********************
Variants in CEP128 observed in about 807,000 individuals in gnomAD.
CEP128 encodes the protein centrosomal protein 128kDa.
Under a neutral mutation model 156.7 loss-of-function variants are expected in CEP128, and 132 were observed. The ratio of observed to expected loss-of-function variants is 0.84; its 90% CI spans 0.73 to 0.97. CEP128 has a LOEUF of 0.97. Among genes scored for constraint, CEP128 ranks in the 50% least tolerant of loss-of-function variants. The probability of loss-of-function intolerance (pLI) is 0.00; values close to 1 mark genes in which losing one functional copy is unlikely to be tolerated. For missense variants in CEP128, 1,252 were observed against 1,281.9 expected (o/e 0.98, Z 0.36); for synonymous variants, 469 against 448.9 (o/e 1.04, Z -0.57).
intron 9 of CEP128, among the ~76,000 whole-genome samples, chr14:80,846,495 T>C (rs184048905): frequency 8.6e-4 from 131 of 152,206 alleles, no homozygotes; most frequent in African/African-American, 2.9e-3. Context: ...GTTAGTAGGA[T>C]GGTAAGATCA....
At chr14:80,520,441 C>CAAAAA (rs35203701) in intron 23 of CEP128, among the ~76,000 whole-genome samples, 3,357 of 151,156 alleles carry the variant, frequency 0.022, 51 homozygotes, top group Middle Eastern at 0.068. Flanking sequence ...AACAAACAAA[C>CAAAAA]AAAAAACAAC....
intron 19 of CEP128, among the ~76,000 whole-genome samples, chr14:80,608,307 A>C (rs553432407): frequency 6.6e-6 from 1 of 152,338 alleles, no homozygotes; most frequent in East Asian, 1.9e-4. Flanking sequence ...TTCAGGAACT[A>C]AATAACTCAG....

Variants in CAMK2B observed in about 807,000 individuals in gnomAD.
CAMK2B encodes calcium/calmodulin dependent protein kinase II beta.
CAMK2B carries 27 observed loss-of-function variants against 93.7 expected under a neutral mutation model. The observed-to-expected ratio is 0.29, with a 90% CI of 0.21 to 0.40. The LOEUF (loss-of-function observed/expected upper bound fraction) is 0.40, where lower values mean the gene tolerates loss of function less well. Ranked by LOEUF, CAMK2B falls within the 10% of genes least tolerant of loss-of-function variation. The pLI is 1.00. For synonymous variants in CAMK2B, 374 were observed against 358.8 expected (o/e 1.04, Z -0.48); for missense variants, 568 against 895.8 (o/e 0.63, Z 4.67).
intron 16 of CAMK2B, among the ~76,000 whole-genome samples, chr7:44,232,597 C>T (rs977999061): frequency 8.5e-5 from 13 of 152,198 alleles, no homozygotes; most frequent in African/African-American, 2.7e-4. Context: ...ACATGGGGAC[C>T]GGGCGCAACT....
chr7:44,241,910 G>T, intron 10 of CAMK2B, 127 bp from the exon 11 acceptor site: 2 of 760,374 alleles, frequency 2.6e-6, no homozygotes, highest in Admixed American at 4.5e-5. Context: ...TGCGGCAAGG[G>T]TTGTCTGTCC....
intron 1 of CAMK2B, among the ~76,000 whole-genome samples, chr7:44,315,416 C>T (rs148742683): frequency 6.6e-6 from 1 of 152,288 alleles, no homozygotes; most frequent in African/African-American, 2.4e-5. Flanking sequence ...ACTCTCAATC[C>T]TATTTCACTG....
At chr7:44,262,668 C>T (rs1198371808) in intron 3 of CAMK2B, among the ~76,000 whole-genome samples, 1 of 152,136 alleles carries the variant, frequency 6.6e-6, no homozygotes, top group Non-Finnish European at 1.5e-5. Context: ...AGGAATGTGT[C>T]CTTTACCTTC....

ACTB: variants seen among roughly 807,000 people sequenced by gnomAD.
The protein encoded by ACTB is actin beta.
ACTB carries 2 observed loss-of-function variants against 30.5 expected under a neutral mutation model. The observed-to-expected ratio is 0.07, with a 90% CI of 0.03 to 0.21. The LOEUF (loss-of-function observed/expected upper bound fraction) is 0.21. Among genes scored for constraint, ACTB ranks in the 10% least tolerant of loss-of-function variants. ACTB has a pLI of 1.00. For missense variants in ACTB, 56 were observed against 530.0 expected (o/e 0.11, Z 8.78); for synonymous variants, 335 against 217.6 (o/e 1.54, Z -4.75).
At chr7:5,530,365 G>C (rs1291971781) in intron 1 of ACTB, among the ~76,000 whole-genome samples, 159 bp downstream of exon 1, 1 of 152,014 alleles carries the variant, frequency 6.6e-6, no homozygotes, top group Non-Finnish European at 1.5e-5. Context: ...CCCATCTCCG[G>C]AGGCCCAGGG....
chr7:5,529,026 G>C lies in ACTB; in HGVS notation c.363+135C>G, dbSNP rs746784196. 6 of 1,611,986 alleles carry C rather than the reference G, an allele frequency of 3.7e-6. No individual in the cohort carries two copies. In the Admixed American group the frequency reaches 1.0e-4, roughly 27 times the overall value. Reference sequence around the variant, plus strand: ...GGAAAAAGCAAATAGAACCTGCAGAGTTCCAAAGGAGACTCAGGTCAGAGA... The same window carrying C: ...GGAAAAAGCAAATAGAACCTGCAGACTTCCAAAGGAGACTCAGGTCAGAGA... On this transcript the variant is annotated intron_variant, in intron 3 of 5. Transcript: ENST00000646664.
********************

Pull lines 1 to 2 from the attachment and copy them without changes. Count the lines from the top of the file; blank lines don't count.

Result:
Variants in CEP128 observed in about 807,000 individuals in gnomAD.
CEP128 encodes the protein centrosomal protein 128kDa.